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Value Addition to Underutilized Biosources

Start Date: Thursday, Jan 01,2009

School: School of Biotechnology

Co-Project Incharge:Dr. Bipin Kumar G. Nair
Funded by:Amrita Vishwa Vidyapeetham
Value Addition to Underutilized Biosources

There are a wide range of underutilized plants with well known nutritional and medicinal properties. They have the potential for further promotion as they are locally available or are byproducts or waste materials. They are culturally accepted and often well established component of life systems and diets. Some of the isolated phytochemicals from them have commercial value.


Seabuckthorn (SBT), (Hippophae L.) is a deciduous shrub of the genus Hippophae, (family Elaeagnaceae). In addition to the nutritionally active constituents, many clinically important activities of seabuckthorn (SBT), such as beneficial effects on skin, cardiovascular diseases, diabetes, wound healing, cancer chemoprevention, antiviral activity, sun screen and radioprotection have been established. Unfortunately, most of the reported studies have been carried out with ill-defined crude extracts (e g “flavone”, “hydro alcoholic extracts”, “SBT oil”, “aqueous extracts”). 

`Due to non-uniformity, the results are often not reproducible. Therefore there is urgent need for identification of active principles. Presently, work in the laboratory is directed towards the isolation and characterization of active principles/fractions from bioactive fractions of SBT. Isolated compounds are useful for the treatment of diseases such as diabetes, dermatitis, CVD, peptic ulcers, sun-screen and radio protective formulations, wound healing agents. Wherever isolation presents difficulty within a reasonable time frame, the extracts are standardized with respect to bio-markers and fingerprinting.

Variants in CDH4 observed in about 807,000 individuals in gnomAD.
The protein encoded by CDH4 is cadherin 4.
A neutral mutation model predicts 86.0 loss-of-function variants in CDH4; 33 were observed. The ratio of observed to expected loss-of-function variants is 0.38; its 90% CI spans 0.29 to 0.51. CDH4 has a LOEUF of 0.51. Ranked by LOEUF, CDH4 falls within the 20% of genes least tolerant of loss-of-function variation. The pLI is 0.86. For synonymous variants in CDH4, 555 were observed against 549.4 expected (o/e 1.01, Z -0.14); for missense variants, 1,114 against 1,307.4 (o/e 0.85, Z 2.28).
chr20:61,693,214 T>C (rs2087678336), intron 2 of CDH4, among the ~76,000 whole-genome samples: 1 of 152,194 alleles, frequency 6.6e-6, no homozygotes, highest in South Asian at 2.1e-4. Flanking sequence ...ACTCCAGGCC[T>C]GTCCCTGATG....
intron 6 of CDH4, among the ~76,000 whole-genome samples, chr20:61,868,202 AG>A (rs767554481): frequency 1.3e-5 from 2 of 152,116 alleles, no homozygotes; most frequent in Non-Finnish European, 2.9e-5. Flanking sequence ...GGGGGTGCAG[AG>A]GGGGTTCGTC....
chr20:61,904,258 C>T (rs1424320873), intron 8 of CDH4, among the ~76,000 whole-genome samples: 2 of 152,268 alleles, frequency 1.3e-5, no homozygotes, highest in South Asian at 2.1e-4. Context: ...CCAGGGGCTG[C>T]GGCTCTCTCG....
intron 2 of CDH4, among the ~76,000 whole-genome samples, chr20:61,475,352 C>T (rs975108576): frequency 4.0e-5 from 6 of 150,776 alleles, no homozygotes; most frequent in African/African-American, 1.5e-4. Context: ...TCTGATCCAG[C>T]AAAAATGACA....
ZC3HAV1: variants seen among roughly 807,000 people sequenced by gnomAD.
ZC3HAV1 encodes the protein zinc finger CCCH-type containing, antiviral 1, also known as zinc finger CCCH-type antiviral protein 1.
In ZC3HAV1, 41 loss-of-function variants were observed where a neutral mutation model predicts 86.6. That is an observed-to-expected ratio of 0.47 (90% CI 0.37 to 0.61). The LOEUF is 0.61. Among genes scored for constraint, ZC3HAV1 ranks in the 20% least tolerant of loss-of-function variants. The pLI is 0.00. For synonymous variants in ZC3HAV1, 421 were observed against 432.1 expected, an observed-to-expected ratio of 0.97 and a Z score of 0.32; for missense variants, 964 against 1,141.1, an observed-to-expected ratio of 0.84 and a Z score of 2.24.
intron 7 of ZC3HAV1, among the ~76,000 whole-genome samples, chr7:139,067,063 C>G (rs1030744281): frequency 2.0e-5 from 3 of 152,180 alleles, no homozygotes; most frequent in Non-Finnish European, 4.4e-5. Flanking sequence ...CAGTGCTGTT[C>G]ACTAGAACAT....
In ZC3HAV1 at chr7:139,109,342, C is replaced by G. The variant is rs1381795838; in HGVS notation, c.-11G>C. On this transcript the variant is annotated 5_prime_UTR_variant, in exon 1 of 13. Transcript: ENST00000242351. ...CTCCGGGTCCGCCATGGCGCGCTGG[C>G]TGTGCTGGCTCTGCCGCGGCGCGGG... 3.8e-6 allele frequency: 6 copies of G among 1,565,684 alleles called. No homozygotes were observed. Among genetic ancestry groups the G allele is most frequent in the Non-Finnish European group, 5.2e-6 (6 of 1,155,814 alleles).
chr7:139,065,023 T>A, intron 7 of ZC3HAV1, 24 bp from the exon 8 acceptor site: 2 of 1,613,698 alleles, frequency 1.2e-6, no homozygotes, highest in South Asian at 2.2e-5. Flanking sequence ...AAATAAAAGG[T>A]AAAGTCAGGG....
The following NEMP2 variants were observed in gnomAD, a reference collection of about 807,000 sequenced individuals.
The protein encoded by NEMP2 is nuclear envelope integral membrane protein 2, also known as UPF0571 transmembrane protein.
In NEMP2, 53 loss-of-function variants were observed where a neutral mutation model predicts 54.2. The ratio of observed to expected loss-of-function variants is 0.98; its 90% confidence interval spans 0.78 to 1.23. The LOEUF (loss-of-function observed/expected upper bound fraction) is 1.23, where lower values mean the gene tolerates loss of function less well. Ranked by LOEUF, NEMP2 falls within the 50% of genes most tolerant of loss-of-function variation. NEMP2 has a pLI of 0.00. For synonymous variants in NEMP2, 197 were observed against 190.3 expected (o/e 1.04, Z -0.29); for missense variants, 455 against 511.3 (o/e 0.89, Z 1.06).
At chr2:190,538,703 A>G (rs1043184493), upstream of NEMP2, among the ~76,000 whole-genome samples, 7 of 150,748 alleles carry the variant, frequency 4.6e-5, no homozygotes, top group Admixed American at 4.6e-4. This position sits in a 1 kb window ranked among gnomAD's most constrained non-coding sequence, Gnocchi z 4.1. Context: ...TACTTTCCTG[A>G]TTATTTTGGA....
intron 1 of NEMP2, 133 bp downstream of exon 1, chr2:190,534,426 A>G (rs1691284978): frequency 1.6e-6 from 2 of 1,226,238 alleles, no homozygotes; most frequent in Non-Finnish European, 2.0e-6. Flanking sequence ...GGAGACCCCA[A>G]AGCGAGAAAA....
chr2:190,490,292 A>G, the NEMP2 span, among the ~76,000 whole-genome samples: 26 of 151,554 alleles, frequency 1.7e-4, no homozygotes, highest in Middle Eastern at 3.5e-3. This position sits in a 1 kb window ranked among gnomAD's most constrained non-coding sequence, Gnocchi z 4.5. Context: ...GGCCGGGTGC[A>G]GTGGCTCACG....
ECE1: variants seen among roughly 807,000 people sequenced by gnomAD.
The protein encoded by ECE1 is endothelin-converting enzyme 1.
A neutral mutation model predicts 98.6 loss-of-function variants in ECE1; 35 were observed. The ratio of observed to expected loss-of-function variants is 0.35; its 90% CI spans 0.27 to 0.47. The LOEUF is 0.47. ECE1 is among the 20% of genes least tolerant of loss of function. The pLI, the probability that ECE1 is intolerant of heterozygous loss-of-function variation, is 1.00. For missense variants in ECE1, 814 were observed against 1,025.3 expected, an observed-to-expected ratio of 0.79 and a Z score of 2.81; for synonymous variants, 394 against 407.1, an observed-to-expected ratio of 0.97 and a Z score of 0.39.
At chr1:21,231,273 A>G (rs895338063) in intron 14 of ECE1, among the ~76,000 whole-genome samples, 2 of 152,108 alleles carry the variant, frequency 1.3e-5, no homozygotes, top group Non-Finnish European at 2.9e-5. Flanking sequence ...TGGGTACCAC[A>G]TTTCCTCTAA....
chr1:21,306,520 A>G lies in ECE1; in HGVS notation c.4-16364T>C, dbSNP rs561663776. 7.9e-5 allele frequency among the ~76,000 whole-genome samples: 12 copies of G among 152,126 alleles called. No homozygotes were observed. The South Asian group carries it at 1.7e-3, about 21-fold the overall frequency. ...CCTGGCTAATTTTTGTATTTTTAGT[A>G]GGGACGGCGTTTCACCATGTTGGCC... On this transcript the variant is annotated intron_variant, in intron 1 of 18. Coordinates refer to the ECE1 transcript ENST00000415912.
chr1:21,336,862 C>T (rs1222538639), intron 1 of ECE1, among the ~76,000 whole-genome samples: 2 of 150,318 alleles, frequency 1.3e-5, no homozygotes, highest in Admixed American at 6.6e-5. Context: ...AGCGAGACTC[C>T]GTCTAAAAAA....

Many of the medicinal properties of SBT have been attributed to the polar constituents. Our earlier work had established that most of the activities are present in leaves of SBT. A detailed study on leaves was carried out. The polar constituents mainly consist of glycosides of quercetin, isorhamnetin, kaempferol, gallic acid, ellagic acid etc.

Cashewnut shell liquid (CNSL).